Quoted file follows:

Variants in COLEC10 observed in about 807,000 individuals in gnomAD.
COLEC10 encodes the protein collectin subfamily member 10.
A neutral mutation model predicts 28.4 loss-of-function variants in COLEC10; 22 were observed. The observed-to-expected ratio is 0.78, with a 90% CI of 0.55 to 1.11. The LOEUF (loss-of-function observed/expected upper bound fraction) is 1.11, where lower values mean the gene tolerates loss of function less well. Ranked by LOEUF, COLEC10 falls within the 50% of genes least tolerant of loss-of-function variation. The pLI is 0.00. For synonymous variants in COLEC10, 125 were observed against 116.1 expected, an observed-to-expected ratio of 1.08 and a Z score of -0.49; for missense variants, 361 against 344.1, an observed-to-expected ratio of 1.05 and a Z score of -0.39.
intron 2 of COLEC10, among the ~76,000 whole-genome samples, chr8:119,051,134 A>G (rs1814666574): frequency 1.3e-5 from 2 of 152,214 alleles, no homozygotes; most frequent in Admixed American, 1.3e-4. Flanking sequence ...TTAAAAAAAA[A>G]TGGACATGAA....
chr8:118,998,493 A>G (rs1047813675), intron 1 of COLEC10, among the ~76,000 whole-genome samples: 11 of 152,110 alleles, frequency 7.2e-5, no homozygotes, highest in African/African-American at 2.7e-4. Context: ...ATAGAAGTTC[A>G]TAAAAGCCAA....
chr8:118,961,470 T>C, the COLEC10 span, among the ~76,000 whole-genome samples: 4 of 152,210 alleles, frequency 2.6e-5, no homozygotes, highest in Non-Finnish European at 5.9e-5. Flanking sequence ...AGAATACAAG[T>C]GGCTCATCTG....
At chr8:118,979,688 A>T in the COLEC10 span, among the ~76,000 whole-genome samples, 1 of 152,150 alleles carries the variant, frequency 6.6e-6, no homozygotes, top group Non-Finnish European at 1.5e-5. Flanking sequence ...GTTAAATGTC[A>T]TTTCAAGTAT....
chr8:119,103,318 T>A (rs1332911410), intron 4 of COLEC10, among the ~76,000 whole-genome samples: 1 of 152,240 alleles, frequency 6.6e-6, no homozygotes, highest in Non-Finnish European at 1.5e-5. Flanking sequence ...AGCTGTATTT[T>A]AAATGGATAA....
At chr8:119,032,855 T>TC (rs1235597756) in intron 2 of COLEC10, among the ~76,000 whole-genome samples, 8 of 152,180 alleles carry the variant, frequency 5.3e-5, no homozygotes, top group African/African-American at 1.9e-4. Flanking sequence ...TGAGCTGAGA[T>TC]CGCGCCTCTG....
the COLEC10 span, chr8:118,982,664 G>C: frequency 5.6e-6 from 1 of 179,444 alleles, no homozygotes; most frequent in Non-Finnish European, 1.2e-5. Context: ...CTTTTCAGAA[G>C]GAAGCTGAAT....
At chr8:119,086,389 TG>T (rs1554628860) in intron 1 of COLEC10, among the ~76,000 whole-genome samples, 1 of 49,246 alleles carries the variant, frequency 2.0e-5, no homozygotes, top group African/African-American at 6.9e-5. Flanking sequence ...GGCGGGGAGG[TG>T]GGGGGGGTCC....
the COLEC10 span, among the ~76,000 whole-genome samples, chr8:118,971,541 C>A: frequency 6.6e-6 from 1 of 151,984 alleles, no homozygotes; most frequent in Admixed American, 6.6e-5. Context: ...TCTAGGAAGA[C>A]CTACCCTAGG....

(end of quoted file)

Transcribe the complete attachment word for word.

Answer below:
Variants in COLEC10 observed in about 807,000 individuals in gnomAD.
COLEC10 encodes the protein collectin subfamily member 10.
A neutral mutation model predicts 28.4 loss-of-function variants in COLEC10; 22 were observed. The observed-to-expected ratio is 0.78, with a 90% CI of 0.55 to 1.11. The LOEUF (loss-of-function observed/expected upper bound fraction) is 1.11, where lower values mean the gene tolerates loss of function less well. Ranked by LOEUF, COLEC10 falls within the 50% of genes least tolerant of loss-of-function variation. The pLI is 0.00. For synonymous variants in COLEC10, 125 were observed against 116.1 expected, an observed-to-expected ratio of 1.08 and a Z score of -0.49; for missense variants, 361 against 344.1, an observed-to-expected ratio of 1.05 and a Z score of -0.39.
intron 2 of COLEC10, among the ~76,000 whole-genome samples, chr8:119,051,134 A>G (rs1814666574): frequency 1.3e-5 from 2 of 152,214 alleles, no homozygotes; most frequent in Admixed American, 1.3e-4. Flanking sequence ...TTAAAAAAAA[A>G]TGGACATGAA....
chr8:118,998,493 A>G (rs1047813675), intron 1 of COLEC10, among the ~76,000 whole-genome samples: 11 of 152,110 alleles, frequency 7.2e-5, no homozygotes, highest in African/African-American at 2.7e-4. Context: ...ATAGAAGTTC[A>G]TAAAAGCCAA....
chr8:118,961,470 T>C, the COLEC10 span, among the ~76,000 whole-genome samples: 4 of 152,210 alleles, frequency 2.6e-5, no homozygotes, highest in Non-Finnish European at 5.9e-5. Flanking sequence ...AGAATACAAG[T>C]GGCTCATCTG....
At chr8:118,979,688 A>T in the COLEC10 span, among the ~76,000 whole-genome samples, 1 of 152,150 alleles carries the variant, frequency 6.6e-6, no homozygotes, top group Non-Finnish European at 1.5e-5. Flanking sequence ...GTTAAATGTC[A>T]TTTCAAGTAT....
chr8:119,103,318 T>A (rs1332911410), intron 4 of COLEC10, among the ~76,000 whole-genome samples: 1 of 152,240 alleles, frequency 6.6e-6, no homozygotes, highest in Non-Finnish European at 1.5e-5. Flanking sequence ...AGCTGTATTT[T>A]AAATGGATAA....
At chr8:119,032,855 T>TC (rs1235597756) in intron 2 of COLEC10, among the ~76,000 whole-genome samples, 8 of 152,180 alleles carry the variant, frequency 5.3e-5, no homozygotes, top group African/African-American at 1.9e-4. Flanking sequence ...TGAGCTGAGA[T>TC]CGCGCCTCTG....
the COLEC10 span, chr8:118,982,664 G>C: frequency 5.6e-6 from 1 of 179,444 alleles, no homozygotes; most frequent in Non-Finnish European, 1.2e-5. Context: ...CTTTTCAGAA[G>C]GAAGCTGAAT....
At chr8:119,086,389 TG>T (rs1554628860) in intron 1 of COLEC10, among the ~76,000 whole-genome samples, 1 of 49,246 alleles carries the variant, frequency 2.0e-5, no homozygotes, top group African/African-American at 6.9e-5. Flanking sequence ...GGCGGGGAGG[TG>T]GGGGGGGTCC....
the COLEC10 span, among the ~76,000 whole-genome samples, chr8:118,971,541 C>A: frequency 6.6e-6 from 1 of 151,984 alleles, no homozygotes; most frequent in Admixed American, 6.6e-5. Context: ...TCTAGGAAGA[C>A]CTACCCTAGG....